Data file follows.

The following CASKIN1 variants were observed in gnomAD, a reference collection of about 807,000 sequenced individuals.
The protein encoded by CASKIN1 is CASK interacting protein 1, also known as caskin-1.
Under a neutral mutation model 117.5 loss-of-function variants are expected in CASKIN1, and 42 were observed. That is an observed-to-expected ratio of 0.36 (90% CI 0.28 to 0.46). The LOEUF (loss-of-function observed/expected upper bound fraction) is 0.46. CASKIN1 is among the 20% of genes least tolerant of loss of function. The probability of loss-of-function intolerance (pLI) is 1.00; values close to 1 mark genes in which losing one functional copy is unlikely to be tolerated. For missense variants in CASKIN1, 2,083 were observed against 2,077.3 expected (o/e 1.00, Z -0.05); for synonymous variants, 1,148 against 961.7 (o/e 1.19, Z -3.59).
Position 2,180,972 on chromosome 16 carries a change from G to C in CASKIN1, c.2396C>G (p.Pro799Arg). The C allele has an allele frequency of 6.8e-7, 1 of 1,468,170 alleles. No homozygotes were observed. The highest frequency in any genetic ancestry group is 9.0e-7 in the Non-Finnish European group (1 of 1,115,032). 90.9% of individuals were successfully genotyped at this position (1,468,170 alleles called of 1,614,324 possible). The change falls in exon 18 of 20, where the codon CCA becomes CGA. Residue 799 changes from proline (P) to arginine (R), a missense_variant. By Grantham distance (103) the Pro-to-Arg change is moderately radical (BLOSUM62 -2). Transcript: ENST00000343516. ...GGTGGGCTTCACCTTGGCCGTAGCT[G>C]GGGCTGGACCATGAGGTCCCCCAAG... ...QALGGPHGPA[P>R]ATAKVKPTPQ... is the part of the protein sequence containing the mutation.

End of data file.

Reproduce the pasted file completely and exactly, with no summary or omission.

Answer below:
The following CASKIN1 variants were observed in gnomAD, a reference collection of about 807,000 sequenced individuals.
The protein encoded by CASKIN1 is CASK interacting protein 1, also known as caskin-1.
Under a neutral mutation model 117.5 loss-of-function variants are expected in CASKIN1, and 42 were observed. That is an observed-to-expected ratio of 0.36 (90% CI 0.28 to 0.46). The LOEUF (loss-of-function observed/expected upper bound fraction) is 0.46. CASKIN1 is among the 20% of genes least tolerant of loss of function. The probability of loss-of-function intolerance (pLI) is 1.00; values close to 1 mark genes in which losing one functional copy is unlikely to be tolerated. For missense variants in CASKIN1, 2,083 were observed against 2,077.3 expected (o/e 1.00, Z -0.05); for synonymous variants, 1,148 against 961.7 (o/e 1.19, Z -3.59).
Position 2,180,972 on chromosome 16 carries a change from G to C in CASKIN1, c.2396C>G (p.Pro799Arg). The C allele has an allele frequency of 6.8e-7, 1 of 1,468,170 alleles. No homozygotes were observed. The highest frequency in any genetic ancestry group is 9.0e-7 in the Non-Finnish European group (1 of 1,115,032). 90.9% of individuals were successfully genotyped at this position (1,468,170 alleles called of 1,614,324 possible). The change falls in exon 18 of 20, where the codon CCA becomes CGA. Residue 799 changes from proline (P) to arginine (R), a missense_variant. By Grantham distance (103) the Pro-to-Arg change is moderately radical (BLOSUM62 -2). Transcript: ENST00000343516. ...GGTGGGCTTCACCTTGGCCGTAGCT[G>C]GGGCTGGACCATGAGGTCCCCCAAG... ...QALGGPHGPA[P>R]ATAKVKPTPQ... is the part of the protein sequence containing the mutation.